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Current trends and investing in commodities for the future

Elizabeth Walters Elizabeth Walters, Stockhouse
0 Comments| July 1, 2013

Investors may have grown tired of risky resource stocks.
But one geopolitical researcher believes the future looks bright for two key commodities that will continue to play a crucial role in the life of global economies.
The first is copper, says Chris Berry, President of commodities research firm House Mountain Partners LLP, in an interviews with Stockhouse.
“This is the one metal that’s truly ubiquitous in the global economy, regardless of where we are in the economic cycle; boom or bust, copper’s always, always going to be needed.”
“I think it’s of particular importance these days because grades for existing mines are falling while urbanization trends that we are seeing coming out of the emerging world are continuing, albeit at a slower pace than in recent years.”
In Berry’s opinion water is the second resource investors looking for an opportunity should focus on.
He said water is a limited resource and as the population expands it will become increasingly scarce.
“That’s going to put the spotlight on various water purification or desalinization technologies.”
Berry also believes the future is bright for “metals and minerals that are involved in the generation or the storage of energy.”
As the world’s population grows, now approximately seven billion and forecast to grow between nine and 10 billion by 2050, so too will demand for energy.
“No middle class throughout history has either grown or sustained itself without access to reliable and affordable energy or electricity,” said Berry.
In the near term, the spotlight is on uranium, cobalt and scandium.
“The investment case for uranium really revolves around the need for, let’s just call it ‘green’ or ‘clean’ electricity, and uranium for all of its challenges, with respect to nuclear waste, storage and potential for accidents, is the one form of energy that offers the highest energy density at the lowest cost.”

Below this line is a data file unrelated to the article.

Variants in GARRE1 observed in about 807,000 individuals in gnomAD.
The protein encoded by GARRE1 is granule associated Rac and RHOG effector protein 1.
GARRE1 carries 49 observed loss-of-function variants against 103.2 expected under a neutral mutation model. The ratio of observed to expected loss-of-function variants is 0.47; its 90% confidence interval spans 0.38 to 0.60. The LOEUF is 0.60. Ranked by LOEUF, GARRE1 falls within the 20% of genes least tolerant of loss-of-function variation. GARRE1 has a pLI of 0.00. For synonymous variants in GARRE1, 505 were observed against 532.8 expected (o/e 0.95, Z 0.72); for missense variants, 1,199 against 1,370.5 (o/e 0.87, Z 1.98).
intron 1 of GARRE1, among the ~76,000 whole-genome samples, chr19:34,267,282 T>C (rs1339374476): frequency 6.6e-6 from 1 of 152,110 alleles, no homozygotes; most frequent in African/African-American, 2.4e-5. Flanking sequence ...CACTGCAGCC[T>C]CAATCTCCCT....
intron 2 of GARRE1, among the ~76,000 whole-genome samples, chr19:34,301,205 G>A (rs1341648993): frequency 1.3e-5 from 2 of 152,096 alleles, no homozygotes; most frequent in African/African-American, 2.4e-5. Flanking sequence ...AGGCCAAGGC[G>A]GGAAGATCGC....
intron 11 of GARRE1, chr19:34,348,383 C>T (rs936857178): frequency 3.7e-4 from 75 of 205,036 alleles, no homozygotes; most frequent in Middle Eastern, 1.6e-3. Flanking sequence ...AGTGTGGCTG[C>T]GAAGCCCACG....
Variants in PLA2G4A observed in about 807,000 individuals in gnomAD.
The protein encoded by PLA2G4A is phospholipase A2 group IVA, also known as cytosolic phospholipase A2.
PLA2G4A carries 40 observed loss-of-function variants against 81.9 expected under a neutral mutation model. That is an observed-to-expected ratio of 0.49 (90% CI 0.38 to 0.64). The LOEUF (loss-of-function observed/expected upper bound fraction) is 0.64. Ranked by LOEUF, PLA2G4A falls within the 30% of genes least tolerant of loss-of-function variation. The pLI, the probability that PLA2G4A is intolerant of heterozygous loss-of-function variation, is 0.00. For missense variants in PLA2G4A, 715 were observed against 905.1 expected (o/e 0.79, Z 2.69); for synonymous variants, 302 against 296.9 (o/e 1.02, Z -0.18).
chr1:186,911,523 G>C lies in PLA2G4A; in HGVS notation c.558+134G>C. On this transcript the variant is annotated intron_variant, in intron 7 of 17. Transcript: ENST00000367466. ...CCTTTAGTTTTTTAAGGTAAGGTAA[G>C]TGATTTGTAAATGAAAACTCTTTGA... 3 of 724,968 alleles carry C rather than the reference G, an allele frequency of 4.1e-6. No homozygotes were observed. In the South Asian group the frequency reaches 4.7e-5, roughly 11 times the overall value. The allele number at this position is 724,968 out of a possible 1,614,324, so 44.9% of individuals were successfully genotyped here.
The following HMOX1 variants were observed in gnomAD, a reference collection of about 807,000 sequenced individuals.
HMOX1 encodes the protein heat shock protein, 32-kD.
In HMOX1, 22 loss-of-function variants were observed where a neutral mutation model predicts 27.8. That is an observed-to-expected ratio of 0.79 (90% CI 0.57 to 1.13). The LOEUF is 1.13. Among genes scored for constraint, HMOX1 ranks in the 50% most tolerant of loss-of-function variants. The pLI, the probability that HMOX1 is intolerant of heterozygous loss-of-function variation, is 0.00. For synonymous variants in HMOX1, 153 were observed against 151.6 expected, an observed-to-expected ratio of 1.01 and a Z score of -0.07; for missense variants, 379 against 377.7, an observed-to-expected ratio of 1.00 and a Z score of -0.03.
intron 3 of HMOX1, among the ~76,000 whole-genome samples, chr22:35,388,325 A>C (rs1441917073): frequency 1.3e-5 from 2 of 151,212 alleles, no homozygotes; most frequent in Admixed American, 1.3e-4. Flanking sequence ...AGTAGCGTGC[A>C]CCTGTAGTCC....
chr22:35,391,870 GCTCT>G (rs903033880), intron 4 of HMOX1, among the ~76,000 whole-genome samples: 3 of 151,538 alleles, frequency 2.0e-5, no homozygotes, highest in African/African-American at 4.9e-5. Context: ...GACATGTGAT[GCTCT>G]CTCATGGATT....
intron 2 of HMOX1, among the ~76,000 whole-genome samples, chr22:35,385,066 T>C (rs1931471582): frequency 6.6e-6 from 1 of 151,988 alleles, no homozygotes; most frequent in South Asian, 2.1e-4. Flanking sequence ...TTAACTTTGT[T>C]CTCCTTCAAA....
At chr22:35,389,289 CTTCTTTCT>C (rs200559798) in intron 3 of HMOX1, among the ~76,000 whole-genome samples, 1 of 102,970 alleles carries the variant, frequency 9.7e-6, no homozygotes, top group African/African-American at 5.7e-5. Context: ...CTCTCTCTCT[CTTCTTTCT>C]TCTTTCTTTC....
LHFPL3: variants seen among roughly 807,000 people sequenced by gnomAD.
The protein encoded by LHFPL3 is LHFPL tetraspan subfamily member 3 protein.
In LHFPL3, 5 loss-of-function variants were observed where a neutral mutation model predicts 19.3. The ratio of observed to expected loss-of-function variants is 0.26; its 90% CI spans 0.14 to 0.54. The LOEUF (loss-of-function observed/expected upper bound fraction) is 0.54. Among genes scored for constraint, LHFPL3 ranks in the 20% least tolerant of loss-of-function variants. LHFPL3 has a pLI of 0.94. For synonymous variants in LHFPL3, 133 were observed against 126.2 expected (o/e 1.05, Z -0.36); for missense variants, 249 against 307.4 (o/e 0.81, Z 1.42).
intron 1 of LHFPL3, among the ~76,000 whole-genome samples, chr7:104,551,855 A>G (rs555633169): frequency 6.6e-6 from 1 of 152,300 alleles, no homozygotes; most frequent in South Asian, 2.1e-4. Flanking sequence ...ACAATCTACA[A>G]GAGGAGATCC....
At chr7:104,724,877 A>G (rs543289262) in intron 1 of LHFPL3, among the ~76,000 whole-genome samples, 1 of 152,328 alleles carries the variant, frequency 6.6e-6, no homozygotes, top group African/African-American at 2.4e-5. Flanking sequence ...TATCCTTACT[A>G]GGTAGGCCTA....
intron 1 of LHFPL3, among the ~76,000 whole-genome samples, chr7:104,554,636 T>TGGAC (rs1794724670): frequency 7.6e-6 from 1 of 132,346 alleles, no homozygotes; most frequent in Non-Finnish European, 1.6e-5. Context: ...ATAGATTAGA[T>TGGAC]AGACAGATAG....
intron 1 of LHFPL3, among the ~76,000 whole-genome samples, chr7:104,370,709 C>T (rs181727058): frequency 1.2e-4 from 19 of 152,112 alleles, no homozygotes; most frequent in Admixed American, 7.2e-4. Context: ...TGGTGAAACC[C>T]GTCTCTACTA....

Cobalt has potential in the battery and technology industry, but the majority is mined in politically unstable zones and Scandium could be boosted by the solid oxide fuel cell business and “…has the potential to really take off…” but in Berry’s opinion hasn’t because “…there is no primary source of scandium out there.”
“I am very interested in companies that have scandium deposits and have plans to take them to the next level because I see the solid oxide fuel cell business as a real and ready market.”
As the U.S. and the Eurozone continue to stager, Berry believes countries that will show promise in the next decade include Turkey, Indonesia, Mexico and Colombia.
These four countries have strong demographic profiles, a growing middle class and well-diversified economies.
Berry believes Australia and Canada will benefit in the decade as well, as they are both commodity-focused countries.
“I think that we’re starting to see a number of very significant long term trends converge, despite the doom and gloom in the commodities stage right now,” said Berry. “It’s something that really cannot be stopped, so I would encourage your readers to think about where they want to be in the commodities cycle and where they want to be with respect to investing in commodities because I think it’s going to be a very interesting place to be, going forward.”


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